"Mrs Cherry" introduces another episode... whilst knitting.

Of course, no blog entry about knitting would be complete without a passing reference to perhaps the most famous piece of knitwear to ever feature in a soap – Benny’s hat, which interestingly was the idea of Paul Henry himself. In the 2001 “Crossroads Story” he recalls:

Paul Henry as Benny Hawkins - with woolly hat.

“I turned up at the audition with my weekend stubble, my brother’s woolly hat and a simple smile. And Benny was born.”

The little woolen hat also features in the lyrics to Paul “Benny” Henry’s song “Waiting at the Crossroads” – and you can find out more about that HERE. So "famous" and striking was the image of Benny in his hat, that it often featured in Crossroads spoofs...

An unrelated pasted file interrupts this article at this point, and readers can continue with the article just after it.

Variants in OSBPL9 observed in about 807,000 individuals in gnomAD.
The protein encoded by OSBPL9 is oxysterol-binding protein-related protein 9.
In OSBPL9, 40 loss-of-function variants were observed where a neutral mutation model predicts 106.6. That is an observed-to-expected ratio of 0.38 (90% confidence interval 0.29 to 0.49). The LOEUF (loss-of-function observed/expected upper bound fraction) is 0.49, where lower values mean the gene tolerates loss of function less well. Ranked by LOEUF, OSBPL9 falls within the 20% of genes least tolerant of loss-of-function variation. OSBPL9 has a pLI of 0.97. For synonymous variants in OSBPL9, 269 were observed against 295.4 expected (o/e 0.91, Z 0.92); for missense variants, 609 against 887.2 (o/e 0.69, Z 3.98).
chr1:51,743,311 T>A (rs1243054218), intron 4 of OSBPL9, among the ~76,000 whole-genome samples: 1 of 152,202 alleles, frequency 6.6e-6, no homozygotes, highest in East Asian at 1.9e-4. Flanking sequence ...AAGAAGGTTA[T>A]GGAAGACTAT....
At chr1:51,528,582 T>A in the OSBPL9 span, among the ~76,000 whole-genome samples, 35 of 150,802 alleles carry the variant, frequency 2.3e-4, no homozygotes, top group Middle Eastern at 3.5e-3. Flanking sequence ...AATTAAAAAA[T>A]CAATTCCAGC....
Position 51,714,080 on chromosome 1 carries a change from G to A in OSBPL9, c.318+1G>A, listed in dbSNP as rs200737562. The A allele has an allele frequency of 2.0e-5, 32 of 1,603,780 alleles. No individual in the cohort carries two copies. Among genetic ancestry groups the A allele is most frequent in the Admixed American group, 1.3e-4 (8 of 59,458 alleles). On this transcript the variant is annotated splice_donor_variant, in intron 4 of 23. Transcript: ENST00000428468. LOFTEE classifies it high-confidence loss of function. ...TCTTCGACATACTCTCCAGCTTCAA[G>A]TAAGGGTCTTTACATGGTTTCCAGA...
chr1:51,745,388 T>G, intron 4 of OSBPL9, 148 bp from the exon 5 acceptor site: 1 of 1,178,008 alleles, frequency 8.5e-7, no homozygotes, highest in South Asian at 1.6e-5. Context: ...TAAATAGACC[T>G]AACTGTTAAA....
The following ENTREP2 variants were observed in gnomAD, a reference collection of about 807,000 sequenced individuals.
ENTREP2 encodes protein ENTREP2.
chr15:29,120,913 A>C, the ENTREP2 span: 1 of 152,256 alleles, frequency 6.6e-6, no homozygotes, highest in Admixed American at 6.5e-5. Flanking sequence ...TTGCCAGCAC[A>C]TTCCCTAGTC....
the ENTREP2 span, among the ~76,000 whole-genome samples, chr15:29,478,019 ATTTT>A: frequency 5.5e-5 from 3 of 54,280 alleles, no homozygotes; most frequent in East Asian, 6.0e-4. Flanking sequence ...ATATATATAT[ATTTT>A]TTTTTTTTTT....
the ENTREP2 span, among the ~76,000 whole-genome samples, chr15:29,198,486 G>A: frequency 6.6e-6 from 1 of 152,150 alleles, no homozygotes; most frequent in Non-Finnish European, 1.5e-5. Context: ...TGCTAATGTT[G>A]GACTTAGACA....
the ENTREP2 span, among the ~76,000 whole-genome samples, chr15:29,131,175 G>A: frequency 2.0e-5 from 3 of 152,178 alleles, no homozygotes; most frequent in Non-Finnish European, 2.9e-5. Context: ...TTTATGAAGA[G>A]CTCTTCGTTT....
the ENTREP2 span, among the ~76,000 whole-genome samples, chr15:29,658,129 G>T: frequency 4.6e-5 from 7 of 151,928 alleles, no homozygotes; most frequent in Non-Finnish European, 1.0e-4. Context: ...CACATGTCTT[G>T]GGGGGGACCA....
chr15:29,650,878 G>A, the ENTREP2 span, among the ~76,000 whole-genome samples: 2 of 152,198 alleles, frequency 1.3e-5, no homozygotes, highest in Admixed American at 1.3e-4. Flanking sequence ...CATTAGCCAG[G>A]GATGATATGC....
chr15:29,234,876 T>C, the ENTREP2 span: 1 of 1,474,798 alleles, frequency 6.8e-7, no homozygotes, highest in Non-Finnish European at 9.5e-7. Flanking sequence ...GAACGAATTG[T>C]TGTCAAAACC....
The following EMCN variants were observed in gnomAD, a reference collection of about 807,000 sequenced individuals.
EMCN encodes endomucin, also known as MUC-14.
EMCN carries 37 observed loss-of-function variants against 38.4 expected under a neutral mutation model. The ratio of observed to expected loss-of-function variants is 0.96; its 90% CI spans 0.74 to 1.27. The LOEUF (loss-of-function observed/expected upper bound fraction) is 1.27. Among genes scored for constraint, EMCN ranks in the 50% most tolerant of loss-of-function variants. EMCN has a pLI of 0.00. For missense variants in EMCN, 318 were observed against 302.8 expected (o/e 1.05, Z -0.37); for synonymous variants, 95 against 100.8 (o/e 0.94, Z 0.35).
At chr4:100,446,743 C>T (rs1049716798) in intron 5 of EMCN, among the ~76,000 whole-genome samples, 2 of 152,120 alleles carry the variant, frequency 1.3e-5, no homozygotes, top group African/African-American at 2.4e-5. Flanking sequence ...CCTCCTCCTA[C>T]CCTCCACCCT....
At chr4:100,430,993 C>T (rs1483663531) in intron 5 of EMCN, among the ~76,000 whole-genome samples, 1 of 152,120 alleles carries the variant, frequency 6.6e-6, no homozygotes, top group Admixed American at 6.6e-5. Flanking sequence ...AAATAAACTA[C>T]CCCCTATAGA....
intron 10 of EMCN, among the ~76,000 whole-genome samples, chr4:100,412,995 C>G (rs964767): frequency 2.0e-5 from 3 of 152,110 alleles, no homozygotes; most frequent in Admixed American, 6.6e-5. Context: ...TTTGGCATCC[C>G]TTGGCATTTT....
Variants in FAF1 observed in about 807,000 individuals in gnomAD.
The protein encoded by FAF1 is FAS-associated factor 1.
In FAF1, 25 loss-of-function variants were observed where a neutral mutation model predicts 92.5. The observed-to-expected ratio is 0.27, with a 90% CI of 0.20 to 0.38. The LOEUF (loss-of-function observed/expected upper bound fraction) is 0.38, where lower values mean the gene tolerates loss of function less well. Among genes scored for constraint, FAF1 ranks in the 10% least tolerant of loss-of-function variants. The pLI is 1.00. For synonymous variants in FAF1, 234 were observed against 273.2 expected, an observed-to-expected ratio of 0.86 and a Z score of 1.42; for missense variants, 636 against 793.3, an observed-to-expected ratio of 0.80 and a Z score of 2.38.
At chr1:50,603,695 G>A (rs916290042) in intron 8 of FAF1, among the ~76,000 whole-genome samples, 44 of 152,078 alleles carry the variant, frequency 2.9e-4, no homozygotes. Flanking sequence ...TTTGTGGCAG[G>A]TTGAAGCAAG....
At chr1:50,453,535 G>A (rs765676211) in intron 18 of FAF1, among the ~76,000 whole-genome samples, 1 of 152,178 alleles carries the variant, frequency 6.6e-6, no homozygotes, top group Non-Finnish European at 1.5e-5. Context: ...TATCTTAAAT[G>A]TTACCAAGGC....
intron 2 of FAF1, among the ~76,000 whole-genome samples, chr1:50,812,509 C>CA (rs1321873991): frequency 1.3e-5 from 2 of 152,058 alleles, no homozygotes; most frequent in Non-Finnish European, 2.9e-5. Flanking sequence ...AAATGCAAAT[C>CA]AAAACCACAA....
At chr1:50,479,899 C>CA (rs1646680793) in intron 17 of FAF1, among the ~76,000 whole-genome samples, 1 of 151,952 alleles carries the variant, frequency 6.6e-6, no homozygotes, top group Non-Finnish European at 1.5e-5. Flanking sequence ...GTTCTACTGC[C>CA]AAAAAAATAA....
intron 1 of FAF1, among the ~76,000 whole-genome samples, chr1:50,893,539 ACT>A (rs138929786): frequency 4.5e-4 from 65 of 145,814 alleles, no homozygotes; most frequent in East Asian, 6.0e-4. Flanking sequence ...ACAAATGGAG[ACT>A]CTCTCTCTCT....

Benny Hill as "Benny" in a Crossroads sketch.
Mike Yarwood - and hat
Lenny and Paul Henry in "Spot The Benny" - (He's the one on the left)

A few years ago, Paul (and hat) featured in the Comic Relief music video to "500 miles".

Paul Henry (and hat) in the video to "500 miles" for Comic Relief.

Just recently year, Paul was on TV talking about Crossroads, and the hat made its most recent appearance on the box – so it seems its place in TV history is secure.

The most recent outing for the little woolen hat.

So there you go – Crossroads – the soap for knitting fans. Possibly not the kind of tag-line the producers were going for – but it would seem - Crossroads was not the only soap at it.....

Emmerdale - Knitting Patterns

Eastenders - Knitting Patterns

Coronation Street - Knitting Patterns